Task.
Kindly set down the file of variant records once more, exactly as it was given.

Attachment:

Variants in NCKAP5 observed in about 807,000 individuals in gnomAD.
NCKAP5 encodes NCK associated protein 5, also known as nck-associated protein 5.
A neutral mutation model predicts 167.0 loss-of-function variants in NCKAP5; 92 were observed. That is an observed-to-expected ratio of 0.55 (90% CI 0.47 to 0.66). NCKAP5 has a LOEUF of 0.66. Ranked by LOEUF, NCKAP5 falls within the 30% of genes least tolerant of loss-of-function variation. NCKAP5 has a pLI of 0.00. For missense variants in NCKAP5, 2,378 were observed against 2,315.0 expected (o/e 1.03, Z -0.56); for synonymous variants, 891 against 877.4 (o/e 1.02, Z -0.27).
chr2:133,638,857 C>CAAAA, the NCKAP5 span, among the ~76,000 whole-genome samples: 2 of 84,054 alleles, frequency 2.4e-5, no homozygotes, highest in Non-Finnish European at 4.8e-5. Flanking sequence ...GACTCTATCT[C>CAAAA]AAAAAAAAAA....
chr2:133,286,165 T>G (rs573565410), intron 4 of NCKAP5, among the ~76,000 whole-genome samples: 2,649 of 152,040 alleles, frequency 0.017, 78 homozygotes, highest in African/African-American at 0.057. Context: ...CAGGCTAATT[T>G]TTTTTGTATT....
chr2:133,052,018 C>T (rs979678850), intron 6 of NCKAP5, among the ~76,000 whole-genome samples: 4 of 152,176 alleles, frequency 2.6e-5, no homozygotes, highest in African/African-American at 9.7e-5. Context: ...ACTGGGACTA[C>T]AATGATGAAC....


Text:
Variants in NCKAP5 observed in about 807,000 individuals in gnomAD.
NCKAP5 encodes NCK associated protein 5, also known as nck-associated protein 5.
A neutral mutation model predicts 167.0 loss-of-function variants in NCKAP5; 92 were observed. That is an observed-to-expected ratio of 0.55 (90% CI 0.47 to 0.66). NCKAP5 has a LOEUF of 0.66. Ranked by LOEUF, NCKAP5 falls within the 30% of genes least tolerant of loss-of-function variation. NCKAP5 has a pLI of 0.00. For missense variants in NCKAP5, 2,378 were observed against 2,315.0 expected (o/e 1.03, Z -0.56); for synonymous variants, 891 against 877.4 (o/e 1.02, Z -0.27).
chr2:133,638,857 C>CAAAA, the NCKAP5 span, among the ~76,000 whole-genome samples: 2 of 84,054 alleles, frequency 2.4e-5, no homozygotes, highest in Non-Finnish European at 4.8e-5. Flanking sequence ...GACTCTATCT[C>CAAAA]AAAAAAAAAA....
chr2:133,286,165 T>G (rs573565410), intron 4 of NCKAP5, among the ~76,000 whole-genome samples: 2,649 of 152,040 alleles, frequency 0.017, 78 homozygotes, highest in African/African-American at 0.057. Context: ...CAGGCTAATT[T>G]TTTTTGTATT....
chr2:133,052,018 C>T (rs979678850), intron 6 of NCKAP5, among the ~76,000 whole-genome samples: 4 of 152,176 alleles, frequency 2.6e-5, no homozygotes, highest in African/African-American at 9.7e-5. Context: ...ACTGGGACTA[C>T]AATGATGAAC....